23.5 hours in Shanghai

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The Bund looks like the future.

As an American, getting a visa for China sucks – it’s $200 for a dual-entry visa that’s only good for six months. (And as an American in Korea, there’s a extra stipulation about how much time you have left on your Korean visa for some reason.) But there is a small exception – Americans can spend up to 48 hours in Shanghai visa-free. Which was good news for me, as I ended up with a 23 and a half hour stopover in the city on a flight from Korea to Taiwan for my summer vacation.

With so little time to spend in the city, the was no time to waste. Luckily, the process of getting into the country without a visa was relatively hassle-free, with only a small delay waiting on a special passport stamp. Hopping onto Shanghai’s extreme high speed “maglev” train took us the 18.5 miles into downtown in under 8 minutes. Not bad.

Originally, my travel buddy and I had thought we’d try to spend all 23.5 hours exploring the city without sleeping, but after a late night of packing, we decided to check into a hostel. The Blue Mountain Youth Hostel was just off a busy shopping section of East Nanjing Road, not too far from the Bund. We immediately headed out to start exploring, only to be greeted by a torrential downpour, and so sought shelter in a cozy little restaurant resembling an American diner. There we ordered some awesome dim sum, which was served ala carte. Many dumplings, some pink guava green tea and kumquat juice later, the rain had let up enough for us to head over to the Bund.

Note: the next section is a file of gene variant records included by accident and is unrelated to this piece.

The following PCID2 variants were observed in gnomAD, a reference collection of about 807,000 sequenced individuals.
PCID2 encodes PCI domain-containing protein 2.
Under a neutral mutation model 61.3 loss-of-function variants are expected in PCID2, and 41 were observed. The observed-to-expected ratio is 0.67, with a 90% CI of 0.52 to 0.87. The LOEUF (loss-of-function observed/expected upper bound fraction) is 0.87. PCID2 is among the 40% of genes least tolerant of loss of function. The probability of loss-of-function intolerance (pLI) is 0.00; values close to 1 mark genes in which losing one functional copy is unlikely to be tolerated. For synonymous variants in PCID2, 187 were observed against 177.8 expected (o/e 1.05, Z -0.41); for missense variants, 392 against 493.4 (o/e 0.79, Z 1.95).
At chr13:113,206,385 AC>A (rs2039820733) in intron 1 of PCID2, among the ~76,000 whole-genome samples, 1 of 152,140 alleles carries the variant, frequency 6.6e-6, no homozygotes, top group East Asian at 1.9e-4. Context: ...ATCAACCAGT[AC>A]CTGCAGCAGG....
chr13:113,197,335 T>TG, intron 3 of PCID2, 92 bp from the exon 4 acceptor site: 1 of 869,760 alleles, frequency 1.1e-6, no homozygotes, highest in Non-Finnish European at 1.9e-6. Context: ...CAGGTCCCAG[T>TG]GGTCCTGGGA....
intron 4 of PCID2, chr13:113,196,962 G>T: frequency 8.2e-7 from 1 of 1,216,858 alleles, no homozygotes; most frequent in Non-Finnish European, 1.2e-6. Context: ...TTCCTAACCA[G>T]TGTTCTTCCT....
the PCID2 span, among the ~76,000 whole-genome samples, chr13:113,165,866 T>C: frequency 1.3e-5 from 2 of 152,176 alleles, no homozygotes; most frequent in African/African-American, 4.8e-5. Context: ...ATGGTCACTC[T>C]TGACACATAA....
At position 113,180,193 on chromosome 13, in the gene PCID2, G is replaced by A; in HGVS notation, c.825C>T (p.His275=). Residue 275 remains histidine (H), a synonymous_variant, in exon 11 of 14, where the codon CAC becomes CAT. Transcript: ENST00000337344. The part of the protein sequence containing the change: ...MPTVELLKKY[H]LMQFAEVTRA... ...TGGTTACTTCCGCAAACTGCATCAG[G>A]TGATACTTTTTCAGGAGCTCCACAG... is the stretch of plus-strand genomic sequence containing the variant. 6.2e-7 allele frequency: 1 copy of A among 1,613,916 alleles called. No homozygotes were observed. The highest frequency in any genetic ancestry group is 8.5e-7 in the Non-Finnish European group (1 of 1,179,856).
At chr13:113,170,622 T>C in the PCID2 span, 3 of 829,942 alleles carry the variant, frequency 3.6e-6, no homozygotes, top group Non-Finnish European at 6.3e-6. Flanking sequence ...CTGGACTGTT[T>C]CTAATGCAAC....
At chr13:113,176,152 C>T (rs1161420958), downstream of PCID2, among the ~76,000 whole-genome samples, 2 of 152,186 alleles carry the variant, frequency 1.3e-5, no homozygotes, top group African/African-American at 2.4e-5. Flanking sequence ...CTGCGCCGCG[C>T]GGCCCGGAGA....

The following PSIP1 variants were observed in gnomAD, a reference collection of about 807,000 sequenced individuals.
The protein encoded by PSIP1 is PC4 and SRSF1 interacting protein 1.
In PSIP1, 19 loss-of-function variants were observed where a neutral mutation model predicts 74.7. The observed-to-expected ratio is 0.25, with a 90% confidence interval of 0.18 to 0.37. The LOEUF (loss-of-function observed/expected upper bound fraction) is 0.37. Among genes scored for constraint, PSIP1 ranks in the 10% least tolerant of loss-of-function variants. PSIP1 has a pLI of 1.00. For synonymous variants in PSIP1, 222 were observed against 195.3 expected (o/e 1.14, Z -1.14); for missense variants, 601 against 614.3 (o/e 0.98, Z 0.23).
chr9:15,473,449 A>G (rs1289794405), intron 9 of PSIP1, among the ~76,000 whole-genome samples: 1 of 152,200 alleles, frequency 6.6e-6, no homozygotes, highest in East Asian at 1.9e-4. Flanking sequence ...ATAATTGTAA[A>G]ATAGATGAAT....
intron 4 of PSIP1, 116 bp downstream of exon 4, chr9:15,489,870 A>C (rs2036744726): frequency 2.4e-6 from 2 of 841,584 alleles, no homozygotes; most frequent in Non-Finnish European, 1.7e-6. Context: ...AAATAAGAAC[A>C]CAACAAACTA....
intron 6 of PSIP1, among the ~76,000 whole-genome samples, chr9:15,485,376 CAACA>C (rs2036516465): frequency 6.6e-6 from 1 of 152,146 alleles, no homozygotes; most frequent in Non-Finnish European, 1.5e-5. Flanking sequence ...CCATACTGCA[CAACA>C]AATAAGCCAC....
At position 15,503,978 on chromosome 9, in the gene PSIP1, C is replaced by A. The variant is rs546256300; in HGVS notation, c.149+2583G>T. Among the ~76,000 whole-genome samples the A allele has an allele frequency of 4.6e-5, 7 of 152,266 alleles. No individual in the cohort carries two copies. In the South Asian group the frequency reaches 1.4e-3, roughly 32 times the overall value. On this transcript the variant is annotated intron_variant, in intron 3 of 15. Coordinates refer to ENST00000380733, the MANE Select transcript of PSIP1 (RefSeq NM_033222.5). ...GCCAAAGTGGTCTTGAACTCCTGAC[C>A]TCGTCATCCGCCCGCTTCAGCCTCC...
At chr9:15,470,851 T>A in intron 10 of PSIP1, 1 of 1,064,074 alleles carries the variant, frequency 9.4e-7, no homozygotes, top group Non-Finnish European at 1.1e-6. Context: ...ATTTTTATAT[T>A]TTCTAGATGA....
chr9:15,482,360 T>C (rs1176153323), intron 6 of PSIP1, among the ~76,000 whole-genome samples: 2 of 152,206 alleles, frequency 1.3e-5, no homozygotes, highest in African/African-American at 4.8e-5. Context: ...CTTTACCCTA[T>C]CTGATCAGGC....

On one side of the river, the skyline on the Bund looks like the future. I think the architecture would be much better accompanied by some flying cars and hovering space stations than the ordinary accoutrements of the present. On the other side, the Bund is lined with buildings that seem better suited to Europe a couple hundred years ago:

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It’s an interesting contrast.

Probably the most fun way to get across the river is the Bund sightseeing tunnel. The sign at the entrance gave us some pretty high expectations:

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We headed down a sizable escalator to the tunnels’ entrance. An usher quickly pushed us into what looked like a tiny, glass-walled subway car with 6 other passengers and away we went. The awesomeness of the ride itself was simply too great for my measly camera to capture, so instead I will provide you with as close of an approximation as could be found on the internet:


It was basically the same, just a bit less psychedelic (and a bit less Gene Wilder).

The city on the other side of the Bund was all newly built-up from the city’s World Expo in 2010. There was an elevated pedestrian walkway that reminded me a bit of the Highline in New York City. It took us right past several western fast food eateries, including a Dairy Queen, where I enjoyed a black tea and red bean Blizzard. Which may sound strange, but was actually really good.

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From there we headed back to our hostel to see if we couldn’t find some fellow travelers to join us in checking out the nightlife. The hostel was a nice enough place, but also gigantic, with tons of rooms spanning a couple floors in a giant apartment building, so it didn’t have much atmosphere. That night they were having a “luau party”. We met some local college students, who recommended a rooftop bar on the Bund. We headed over with a 19 year-old from the nearby city of Hangzhou, which I was rather embarrassed to admit I had never heard of after learning it was bigger than NYC.